Fighting to Stay Together: The forceful separation of mothers and their newborns — Sabina Jankovičová

4 min readJan 29, 2021


As told to Stephanie Bowen, edited by Caroline Kinsella, as part of the Brave Voices, Bold Actions podcast

My name is Sabina Jankovičová, I am a 43-year-old woman from Slovakia, and I have two children. Here in Slovakia, it is not possible to have anyone in the hospital with you during childbirth except during the last few hours of labor. Sometimes women stay isolated in the hospital for days. When my first child was born premature, my husband was not allowed to stay with me in the hospital for 48 hours. The hospital only let him visit me twice, for two hours each, during visiting hours. The rest of the time I was alone, after having given birth for the first time, and it was very challenging.

Despite objections from me and my husband, I underwent an unnecessary episiotomy, which is a surgical cut at the opening of the vagina used to create more space for the baby or to facilitate a quicker delivery. This forced, botched episiotomy would go on to cause years of pain and complications. During my seven-day recovery, I was separated from my newborn son — I was in one part of the hospital and he was in another. I had to walk the very long corridors to the other part of the hospital just to breastfeed him. Due to the pain from the episiotomy, that walk was torture. When I got there, the pain was unbearable, and I could not sit to breastfeed him.

That first week of my recovery, my child was in the hands of the hospital staff at night. I did not complain about my pain, because I knew my child was in their care and I felt powerless. Still, one really bad nurse was very aggressive toward my child before my own eyes. She forced a bottle of formula violently into his mouth, and I feared how she and others treated him when I wasn’t there as a witness.

In the premature baby part of the hospital, there were only two rooms and four beds for mothers and their children. When space became available after one week, the hospital staff finally put me in a room with my child. I stayed there for 10 days with my baby but continued to have difficulty breastfeeding. It was also challenging and hurt so much to get on and off the bed with my episiotomy wounds, because Slovakian hospitals have very high beds.

Sabina and her second son.

For my second pregnancy I went to Austria, a country I held in high esteem, where again I was separated from my newborn child. Like the Slovakian hospital where I first have birth, I also found no respect in Austria. I wanted bonding time with my child, but a nurse came and immediately demanded I hand over my baby to be weighed, before the hospital’s computer system closed. When I repeatedly objected because I was breastfeeding my child, she said “No, you have to obey.” My experiences in Austria were traumatizing, even though I had only gone there seeking respect and dignity in childbirth.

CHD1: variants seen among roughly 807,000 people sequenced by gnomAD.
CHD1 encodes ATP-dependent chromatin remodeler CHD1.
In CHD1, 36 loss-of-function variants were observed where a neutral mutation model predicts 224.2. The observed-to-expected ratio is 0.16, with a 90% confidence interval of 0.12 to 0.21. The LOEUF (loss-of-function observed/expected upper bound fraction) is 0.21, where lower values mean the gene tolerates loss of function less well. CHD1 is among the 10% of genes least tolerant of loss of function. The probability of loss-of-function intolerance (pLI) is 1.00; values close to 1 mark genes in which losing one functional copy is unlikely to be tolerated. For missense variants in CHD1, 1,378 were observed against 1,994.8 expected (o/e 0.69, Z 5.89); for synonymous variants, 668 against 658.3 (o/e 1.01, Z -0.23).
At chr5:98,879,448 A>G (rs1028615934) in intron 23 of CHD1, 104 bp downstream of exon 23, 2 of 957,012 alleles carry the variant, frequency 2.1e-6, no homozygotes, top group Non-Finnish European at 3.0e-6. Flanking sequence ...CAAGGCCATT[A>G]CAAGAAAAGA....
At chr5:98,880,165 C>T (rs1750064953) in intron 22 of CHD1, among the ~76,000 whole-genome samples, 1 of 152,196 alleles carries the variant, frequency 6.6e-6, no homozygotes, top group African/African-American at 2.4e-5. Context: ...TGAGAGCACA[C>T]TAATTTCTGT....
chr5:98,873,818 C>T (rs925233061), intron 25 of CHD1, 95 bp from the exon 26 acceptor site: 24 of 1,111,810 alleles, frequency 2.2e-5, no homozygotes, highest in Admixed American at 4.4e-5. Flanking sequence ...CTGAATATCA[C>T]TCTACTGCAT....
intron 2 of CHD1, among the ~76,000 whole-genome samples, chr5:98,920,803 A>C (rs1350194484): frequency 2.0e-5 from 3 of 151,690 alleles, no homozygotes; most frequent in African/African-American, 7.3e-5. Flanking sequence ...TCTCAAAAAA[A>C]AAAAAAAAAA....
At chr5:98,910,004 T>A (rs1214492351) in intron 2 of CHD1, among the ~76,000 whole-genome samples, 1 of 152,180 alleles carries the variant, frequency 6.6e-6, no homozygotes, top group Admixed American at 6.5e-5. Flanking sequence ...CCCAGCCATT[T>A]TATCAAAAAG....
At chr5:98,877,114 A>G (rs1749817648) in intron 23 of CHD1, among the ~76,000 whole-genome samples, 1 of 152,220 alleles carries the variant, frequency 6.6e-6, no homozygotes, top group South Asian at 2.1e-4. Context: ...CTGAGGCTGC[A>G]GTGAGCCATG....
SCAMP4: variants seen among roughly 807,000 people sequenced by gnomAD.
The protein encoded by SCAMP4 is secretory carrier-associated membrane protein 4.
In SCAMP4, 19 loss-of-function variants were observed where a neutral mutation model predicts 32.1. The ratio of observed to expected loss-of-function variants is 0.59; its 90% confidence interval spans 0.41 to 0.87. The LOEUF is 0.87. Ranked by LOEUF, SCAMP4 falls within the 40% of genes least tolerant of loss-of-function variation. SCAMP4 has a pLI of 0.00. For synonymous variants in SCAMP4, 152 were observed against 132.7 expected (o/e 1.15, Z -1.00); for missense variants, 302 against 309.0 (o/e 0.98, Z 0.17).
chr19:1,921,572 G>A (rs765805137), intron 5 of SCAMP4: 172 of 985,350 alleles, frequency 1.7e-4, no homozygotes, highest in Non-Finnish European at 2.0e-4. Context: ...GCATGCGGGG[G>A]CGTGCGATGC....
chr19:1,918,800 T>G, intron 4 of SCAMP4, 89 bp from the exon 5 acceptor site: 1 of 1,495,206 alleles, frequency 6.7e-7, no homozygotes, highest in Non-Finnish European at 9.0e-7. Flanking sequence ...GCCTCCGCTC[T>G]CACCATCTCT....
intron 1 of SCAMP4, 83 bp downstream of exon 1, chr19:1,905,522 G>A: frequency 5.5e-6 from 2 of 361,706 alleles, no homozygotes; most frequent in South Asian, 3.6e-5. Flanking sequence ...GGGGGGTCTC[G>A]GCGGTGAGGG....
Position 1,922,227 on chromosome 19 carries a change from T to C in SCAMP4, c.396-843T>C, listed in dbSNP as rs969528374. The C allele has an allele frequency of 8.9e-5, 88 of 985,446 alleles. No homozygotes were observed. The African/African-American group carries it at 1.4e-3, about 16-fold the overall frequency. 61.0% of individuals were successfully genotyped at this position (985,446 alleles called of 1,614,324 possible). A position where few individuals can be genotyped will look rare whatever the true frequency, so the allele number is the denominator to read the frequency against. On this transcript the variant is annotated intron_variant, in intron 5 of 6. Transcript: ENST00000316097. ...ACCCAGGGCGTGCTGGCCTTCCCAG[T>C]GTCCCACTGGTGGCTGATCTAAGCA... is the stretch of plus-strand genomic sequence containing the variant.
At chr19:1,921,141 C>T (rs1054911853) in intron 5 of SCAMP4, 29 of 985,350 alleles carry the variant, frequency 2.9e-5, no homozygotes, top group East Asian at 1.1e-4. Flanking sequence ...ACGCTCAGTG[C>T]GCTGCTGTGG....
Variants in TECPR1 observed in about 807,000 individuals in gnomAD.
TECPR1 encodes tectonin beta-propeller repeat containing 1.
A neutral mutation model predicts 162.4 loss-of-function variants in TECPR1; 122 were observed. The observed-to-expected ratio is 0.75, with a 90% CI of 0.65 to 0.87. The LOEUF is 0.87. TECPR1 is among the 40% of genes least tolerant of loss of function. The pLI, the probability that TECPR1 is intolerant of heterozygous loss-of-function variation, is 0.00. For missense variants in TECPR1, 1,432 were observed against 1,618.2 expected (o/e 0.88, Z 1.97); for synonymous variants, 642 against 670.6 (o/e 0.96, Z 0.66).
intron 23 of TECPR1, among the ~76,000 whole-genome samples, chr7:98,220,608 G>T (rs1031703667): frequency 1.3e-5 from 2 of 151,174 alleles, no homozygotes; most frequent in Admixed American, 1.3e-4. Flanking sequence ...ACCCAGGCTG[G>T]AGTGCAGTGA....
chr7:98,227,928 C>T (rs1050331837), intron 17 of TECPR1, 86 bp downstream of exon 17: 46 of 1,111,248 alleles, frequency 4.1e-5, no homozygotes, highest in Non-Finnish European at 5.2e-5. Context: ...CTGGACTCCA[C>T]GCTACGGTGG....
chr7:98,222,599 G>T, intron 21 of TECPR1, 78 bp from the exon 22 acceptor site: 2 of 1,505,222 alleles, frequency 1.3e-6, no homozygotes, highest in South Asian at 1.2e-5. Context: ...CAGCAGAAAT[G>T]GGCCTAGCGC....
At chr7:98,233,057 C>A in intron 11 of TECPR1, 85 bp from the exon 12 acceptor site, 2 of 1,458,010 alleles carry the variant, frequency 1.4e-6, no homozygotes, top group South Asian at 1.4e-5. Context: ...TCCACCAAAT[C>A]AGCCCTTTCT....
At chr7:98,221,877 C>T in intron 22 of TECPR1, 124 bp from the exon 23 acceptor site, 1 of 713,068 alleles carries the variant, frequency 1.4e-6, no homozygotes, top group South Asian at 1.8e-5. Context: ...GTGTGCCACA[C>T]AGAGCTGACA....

Every woman has her own unique life experience, and she knows what is best for herself and her baby. Doctors, nurses, midwives, and any caregivers of women must respect the individual choices of all women.

In Slovakia, Austria, and around the world, respect and communication are some of the most important parts of giving birth. No woman should ever have to go through the physical and emotional pain that I did during childbirth. More women and their communities must be informed about maternal and newborn rights so that they can stand up and demand change.

Read the rest of Sabina’s story: Article 1: Violence in the Labor Ward: Sabina Jankovičová


Respectful Maternity Care Charter: The Universal Rights of Women and Newborns

Article 8 of the Respectful Maternity Care Charter:

8. Every child has the right to be with their parents or guardians.

No one is allowed to separate you from your newborn without your consent. You and your newborn have the right to remain together at all times, even if your newborn is born small, premature or with medical conditions that require extra care.

Legal authority
International Convention on Civil and Political Rights, 1966, Article 17
Convention on the Rights of the Child, 1990, Article 9, 16
Convention on the Rights of Persons with Disabilities, 2006, Article 22

Regional legal authority
American Convention on Human Rights, 1969, Article 11
European Convention on Human Rights, 1950, Article 8

Learn more about the universal rights of women and newborns at




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